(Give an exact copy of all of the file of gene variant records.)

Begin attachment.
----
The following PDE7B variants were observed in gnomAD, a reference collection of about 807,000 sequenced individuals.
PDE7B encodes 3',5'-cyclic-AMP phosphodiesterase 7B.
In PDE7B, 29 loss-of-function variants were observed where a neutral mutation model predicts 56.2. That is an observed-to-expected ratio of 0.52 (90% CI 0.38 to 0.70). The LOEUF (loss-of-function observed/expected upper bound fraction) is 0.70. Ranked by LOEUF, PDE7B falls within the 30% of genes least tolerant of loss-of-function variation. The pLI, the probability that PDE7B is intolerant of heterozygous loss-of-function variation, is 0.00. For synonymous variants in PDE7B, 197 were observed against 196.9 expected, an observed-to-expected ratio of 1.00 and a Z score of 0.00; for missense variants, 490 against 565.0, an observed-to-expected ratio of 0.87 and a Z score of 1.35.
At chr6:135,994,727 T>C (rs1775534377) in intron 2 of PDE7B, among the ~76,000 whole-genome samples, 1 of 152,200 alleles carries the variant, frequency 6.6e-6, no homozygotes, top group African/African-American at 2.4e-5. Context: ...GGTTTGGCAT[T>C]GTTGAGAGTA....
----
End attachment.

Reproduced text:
The following PDE7B variants were observed in gnomAD, a reference collection of about 807,000 sequenced individuals.
PDE7B encodes 3',5'-cyclic-AMP phosphodiesterase 7B.
In PDE7B, 29 loss-of-function variants were observed where a neutral mutation model predicts 56.2. That is an observed-to-expected ratio of 0.52 (90% CI 0.38 to 0.70). The LOEUF (loss-of-function observed/expected upper bound fraction) is 0.70. Ranked by LOEUF, PDE7B falls within the 30% of genes least tolerant of loss-of-function variation. The pLI, the probability that PDE7B is intolerant of heterozygous loss-of-function variation, is 0.00. For synonymous variants in PDE7B, 197 were observed against 196.9 expected, an observed-to-expected ratio of 1.00 and a Z score of 0.00; for missense variants, 490 against 565.0, an observed-to-expected ratio of 0.87 and a Z score of 1.35.
At chr6:135,994,727 T>C (rs1775534377) in intron 2 of PDE7B, among the ~76,000 whole-genome samples, 1 of 152,200 alleles carries the variant, frequency 6.6e-6, no homozygotes, top group African/African-American at 2.4e-5. Context: ...GGTTTGGCAT[T>C]GTTGAGAGTA....